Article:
Many parents come to me and ask for help because their children are misbehaving. I always ask what their plan is. What works for them in disciplining and what doesn’t? It is an interesting conversation. Because raising a family based upon no specific values or plan often feels chaotic. So I guide the parents into making a plan.
The first thing I ask them to discuss is their core personal values. I give them a list of values many people believe at their core such a faith, education, thoughtfulness, trust, etc. I have them choose their top 10. I make sure the couple is aware that since they have different upbringings, their answers will be different.
Then I have them pick 10 core values they want to impart to their children that they both agree on. These will be their Top 10 Core Family Values.
The following discussion is about how those core values look and how they can be taught based on the age of their children and throughout their children’s’ childhoods.
This allows for a conversation on behavior expectations and discipline plans. If the parents (married or divorced) are on the same page for core family values and behavior expectations/discipline, there is less confusion for the children and they behave better because they know what is expected of them. And they know the consequences for choosing a behavior the parents don’t value.
Most adults have heard that children like rules and structure. That is true but if they don’t know the rules and why the parents value them, then it becomes more of a power struggle. And punishing a child without a reason (at least to the child) is about power. Some parents believe that they should always be obeyed but they can’t figure out how to make it happen.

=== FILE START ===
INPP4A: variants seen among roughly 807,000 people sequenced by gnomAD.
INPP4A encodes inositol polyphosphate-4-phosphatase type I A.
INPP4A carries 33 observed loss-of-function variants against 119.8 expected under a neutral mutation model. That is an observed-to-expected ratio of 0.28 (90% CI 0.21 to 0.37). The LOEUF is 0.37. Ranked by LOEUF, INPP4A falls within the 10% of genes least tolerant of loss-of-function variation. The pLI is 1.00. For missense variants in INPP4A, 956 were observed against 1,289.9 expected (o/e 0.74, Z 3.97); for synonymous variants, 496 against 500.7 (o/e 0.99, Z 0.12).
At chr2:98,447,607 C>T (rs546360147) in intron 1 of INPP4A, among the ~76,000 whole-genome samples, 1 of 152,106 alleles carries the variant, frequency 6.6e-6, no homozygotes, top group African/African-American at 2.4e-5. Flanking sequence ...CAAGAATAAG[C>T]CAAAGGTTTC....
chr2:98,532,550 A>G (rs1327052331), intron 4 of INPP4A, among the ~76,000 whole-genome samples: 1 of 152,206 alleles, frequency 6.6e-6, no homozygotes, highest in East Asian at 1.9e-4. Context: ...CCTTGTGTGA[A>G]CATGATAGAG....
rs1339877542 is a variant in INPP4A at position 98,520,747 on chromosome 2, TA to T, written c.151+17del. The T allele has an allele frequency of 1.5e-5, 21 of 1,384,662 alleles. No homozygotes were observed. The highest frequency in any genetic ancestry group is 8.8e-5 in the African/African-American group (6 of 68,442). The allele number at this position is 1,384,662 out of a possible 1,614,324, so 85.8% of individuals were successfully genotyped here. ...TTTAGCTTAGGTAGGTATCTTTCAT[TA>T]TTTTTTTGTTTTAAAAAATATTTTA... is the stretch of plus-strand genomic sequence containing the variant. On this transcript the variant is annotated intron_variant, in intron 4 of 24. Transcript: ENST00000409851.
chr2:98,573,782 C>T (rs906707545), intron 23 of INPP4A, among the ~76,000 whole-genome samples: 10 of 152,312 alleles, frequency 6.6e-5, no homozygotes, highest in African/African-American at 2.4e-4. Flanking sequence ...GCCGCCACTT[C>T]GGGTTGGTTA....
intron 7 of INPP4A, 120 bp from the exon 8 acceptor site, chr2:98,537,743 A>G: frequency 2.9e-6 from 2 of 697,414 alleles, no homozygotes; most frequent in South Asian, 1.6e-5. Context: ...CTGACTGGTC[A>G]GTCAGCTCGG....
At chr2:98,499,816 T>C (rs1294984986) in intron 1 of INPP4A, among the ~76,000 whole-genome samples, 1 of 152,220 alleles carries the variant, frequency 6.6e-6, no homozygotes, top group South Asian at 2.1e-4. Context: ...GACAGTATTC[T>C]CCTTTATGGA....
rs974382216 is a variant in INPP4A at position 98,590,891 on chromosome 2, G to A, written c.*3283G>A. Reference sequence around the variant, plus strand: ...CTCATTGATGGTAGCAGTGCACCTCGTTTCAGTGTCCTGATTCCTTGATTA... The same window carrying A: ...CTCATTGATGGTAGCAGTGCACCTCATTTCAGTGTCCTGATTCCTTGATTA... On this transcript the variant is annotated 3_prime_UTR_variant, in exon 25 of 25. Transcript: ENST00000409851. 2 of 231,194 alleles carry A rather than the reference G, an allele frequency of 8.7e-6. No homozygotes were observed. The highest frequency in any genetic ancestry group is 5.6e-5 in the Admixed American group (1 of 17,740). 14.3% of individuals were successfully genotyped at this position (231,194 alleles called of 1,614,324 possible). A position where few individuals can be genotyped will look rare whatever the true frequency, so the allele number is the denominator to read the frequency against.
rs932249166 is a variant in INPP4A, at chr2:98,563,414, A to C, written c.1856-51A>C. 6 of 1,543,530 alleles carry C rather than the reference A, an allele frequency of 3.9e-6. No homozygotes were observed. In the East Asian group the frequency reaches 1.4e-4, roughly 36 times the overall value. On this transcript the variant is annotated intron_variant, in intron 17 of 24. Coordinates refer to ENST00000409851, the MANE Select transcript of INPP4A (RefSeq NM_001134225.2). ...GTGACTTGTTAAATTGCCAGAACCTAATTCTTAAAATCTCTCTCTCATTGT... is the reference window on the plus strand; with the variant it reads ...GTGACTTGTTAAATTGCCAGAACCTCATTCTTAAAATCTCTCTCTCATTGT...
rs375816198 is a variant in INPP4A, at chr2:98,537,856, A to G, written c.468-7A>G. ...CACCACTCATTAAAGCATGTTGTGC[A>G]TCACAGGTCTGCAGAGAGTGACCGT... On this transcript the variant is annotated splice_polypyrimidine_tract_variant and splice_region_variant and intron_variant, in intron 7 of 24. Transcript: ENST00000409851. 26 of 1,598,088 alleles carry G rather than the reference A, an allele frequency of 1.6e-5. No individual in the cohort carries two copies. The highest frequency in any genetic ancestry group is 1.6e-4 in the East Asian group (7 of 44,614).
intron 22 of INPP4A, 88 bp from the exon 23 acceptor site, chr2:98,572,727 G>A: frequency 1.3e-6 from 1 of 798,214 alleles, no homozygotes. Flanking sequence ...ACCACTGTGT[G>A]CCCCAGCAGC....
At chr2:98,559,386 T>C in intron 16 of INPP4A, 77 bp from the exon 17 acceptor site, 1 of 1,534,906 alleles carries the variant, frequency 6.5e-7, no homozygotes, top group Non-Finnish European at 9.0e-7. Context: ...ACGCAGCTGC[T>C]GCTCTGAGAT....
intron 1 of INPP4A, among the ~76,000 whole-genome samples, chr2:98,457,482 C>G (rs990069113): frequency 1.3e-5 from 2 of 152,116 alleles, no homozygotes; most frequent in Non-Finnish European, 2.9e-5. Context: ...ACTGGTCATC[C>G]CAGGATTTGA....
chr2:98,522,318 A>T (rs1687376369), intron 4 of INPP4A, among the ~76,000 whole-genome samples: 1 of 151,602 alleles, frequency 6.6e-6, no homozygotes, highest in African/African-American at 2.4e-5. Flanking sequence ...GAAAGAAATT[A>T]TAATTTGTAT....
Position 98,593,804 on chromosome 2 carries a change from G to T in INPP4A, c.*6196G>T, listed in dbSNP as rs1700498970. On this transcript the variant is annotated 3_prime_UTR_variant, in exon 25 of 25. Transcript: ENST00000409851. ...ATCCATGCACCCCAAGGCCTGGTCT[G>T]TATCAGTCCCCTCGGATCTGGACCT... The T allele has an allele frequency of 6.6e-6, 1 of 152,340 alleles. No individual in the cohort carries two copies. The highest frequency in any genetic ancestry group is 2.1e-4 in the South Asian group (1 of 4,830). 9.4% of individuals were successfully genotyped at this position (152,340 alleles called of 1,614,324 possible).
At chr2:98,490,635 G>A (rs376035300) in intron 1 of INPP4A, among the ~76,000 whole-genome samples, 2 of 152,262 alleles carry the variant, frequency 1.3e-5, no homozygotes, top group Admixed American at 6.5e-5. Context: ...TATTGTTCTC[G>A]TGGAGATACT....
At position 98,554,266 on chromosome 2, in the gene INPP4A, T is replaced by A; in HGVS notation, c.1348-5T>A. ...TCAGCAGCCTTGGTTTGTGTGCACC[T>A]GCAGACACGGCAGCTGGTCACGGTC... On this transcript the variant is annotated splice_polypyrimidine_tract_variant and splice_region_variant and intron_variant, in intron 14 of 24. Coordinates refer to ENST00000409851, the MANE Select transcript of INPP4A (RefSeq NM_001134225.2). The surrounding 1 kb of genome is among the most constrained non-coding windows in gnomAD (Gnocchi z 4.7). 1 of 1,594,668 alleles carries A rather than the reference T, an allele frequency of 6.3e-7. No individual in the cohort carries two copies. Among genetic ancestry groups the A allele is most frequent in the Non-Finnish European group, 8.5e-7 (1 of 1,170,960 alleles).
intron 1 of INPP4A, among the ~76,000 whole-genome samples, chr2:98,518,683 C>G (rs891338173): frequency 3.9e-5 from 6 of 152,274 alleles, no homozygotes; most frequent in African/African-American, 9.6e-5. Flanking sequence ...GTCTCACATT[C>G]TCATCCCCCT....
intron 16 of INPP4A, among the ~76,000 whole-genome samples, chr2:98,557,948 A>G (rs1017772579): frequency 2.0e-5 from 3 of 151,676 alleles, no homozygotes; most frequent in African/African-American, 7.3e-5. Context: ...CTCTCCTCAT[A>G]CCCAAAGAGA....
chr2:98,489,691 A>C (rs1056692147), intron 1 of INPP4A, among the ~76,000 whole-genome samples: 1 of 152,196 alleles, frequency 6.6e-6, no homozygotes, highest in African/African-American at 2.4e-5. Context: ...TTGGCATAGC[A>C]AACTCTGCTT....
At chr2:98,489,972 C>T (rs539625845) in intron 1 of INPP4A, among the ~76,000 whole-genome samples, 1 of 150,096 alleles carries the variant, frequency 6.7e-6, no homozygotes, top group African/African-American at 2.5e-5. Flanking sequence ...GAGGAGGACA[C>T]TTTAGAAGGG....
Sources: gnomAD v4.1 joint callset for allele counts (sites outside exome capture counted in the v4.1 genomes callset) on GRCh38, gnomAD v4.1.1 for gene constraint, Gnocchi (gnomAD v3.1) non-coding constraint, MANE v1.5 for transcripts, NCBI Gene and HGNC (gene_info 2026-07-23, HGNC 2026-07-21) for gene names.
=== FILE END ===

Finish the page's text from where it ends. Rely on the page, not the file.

Children and teens follow rules that they believe make sense and they can see why a rule exists. Many teachers start the first day of school having students discus what rules are best for the classroom and why. They have learned that this helps the student have buy-in for the class rules and they are more willing to accept consequences when they choose not to follow the rules.
How can this help your family feel more peaceful? You have a plan, a way to implement the plan, you have buy –in from the whole family and everyone knows what the family’s values are so the plan makes sense to all. This creates calm, peace and focus for your family.
Let’s take one possible core family value and see how this works.
Thoughtfulness can be taught to all ages. Explain what it is –consideration for the needs of others. Use an example such as: thoughtfulness is when you take some ones plate to the sink for them just because you care. You can then have your children practice acts of thoughtfulness as well as setting a good example and pointing out when you see others being thoughtful.
This is a good time to discuss how thoughtfulness makes the receiving person feel. You can also find ways to do thoughtful things for others as a family.
Now you have buy-in, understanding of the value, the children will do the behavior to please you and for the joy of seeing others happiness.
Include in this scenario the behavior plan for when your child is being thoughtLESS.
Explain that this means not caring about the needs of others. An example might be that someone is on crutches and you walk through the door without holding it for the other person.
What might a consequence be for a child who chooses to be thoughtless?
Maybe they have to apologize to the other person. They might write them a letter. Or they could do one of their siblings’ chores if they hurt them by being thoughtless.
Now you have a complete parenting plan for your children and how you want to raise them and what kind of adult you would like them to become.
Remember, you are raising a future adult.
Kim Martinez, M.S.
True North Counseling
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